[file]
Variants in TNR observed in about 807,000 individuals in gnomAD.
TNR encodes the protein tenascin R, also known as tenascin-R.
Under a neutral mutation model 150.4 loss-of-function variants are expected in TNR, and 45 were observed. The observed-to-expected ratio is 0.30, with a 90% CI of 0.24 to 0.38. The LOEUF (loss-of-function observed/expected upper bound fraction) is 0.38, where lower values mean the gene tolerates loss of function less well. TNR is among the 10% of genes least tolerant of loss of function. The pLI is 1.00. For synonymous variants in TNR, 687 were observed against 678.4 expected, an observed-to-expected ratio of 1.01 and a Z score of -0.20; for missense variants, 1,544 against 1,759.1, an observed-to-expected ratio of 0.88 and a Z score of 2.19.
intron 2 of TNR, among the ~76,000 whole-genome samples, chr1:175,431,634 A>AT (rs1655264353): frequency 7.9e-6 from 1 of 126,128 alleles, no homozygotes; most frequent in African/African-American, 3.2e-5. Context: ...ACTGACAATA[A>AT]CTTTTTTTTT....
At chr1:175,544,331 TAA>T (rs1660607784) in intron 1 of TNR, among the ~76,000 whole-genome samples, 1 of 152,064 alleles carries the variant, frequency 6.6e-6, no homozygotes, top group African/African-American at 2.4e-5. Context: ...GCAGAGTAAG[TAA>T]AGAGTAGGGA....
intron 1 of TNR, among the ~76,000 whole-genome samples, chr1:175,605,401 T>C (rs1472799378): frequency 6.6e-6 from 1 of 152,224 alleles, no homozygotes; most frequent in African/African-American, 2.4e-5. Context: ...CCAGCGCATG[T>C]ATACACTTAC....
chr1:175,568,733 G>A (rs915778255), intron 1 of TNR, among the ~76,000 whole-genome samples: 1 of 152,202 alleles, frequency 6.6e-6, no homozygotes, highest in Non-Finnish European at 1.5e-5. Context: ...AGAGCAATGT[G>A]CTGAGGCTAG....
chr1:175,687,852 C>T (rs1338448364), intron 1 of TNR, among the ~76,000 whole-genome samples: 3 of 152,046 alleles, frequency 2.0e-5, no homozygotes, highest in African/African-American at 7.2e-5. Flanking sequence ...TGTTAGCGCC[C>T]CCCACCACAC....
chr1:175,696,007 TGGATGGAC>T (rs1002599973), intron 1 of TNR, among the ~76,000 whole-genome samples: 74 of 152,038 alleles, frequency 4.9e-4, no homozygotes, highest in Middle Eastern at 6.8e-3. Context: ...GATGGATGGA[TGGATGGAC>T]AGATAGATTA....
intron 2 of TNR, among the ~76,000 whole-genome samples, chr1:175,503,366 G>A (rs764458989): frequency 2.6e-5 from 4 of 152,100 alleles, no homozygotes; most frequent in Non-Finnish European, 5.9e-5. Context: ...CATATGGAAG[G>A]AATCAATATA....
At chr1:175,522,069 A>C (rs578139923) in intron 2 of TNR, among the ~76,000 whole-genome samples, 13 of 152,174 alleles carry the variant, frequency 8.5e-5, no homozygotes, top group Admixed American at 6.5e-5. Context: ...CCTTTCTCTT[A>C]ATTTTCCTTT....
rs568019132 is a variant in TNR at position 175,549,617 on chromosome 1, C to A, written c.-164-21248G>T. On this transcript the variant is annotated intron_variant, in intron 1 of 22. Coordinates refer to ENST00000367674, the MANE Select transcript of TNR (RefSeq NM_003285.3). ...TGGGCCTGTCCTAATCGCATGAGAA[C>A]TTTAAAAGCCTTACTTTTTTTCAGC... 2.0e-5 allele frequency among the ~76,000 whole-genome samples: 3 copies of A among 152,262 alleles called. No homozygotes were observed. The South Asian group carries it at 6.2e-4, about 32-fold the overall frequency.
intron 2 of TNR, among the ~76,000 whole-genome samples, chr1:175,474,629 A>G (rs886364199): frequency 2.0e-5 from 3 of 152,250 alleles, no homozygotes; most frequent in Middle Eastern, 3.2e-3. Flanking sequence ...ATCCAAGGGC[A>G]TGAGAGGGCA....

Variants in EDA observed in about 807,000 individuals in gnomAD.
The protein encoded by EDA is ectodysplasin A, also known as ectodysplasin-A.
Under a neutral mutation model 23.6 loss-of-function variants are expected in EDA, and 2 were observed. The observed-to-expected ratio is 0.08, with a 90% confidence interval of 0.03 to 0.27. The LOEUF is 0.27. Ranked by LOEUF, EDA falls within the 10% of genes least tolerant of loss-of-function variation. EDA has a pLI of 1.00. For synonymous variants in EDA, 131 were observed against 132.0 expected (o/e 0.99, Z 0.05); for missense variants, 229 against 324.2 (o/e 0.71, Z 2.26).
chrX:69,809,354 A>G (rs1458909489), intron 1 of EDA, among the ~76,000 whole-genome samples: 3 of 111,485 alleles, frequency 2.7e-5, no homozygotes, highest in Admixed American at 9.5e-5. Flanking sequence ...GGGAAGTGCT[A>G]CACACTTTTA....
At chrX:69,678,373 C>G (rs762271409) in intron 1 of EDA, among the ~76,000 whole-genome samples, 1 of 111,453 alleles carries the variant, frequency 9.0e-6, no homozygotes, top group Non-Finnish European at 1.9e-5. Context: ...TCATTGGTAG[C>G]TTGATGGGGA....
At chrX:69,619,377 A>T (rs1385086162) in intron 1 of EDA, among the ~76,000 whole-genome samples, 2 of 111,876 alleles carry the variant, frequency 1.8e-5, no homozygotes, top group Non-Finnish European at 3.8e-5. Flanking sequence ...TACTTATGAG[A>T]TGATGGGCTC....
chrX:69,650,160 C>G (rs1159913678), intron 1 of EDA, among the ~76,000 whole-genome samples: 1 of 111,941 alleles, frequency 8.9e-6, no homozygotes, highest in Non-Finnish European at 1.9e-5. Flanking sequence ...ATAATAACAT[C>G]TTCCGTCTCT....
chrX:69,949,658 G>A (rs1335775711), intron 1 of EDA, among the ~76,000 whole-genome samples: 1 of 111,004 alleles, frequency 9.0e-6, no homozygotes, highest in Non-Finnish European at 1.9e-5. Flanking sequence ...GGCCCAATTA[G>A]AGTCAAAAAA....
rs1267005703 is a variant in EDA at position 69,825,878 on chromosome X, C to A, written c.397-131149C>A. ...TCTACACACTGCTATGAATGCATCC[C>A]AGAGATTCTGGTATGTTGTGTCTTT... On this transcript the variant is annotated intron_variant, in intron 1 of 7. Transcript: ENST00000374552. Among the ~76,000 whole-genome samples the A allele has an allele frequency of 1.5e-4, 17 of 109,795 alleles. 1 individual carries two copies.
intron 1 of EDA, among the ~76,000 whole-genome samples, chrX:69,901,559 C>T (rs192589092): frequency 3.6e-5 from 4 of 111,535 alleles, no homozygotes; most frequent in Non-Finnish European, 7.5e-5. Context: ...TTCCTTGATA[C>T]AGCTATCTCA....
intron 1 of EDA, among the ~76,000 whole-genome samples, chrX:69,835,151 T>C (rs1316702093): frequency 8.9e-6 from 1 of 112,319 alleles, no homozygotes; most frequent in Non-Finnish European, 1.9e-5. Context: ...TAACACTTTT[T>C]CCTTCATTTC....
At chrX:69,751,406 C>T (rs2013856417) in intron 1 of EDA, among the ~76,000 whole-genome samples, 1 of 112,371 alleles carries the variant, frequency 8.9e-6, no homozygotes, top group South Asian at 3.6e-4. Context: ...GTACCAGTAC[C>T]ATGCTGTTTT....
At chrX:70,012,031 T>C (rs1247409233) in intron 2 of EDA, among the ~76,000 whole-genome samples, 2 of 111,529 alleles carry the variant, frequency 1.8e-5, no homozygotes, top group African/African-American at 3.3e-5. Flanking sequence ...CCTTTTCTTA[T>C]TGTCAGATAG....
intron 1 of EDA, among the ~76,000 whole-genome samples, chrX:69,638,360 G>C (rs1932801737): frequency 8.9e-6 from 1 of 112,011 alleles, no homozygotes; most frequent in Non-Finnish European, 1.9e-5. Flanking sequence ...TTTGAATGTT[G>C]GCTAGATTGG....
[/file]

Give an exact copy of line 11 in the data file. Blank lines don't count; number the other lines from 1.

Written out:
At chr1:175,522,069 A>C (rs578139923) in intron 2 of TNR, among the ~76,000 whole-genome samples, 13 of 152,174 alleles carry the variant, frequency 8.5e-5, no homozygotes, top group Admixed American at 6.5e-5. Context: ...CCTTTCTCTT[A>C]ATTTTCCTTT....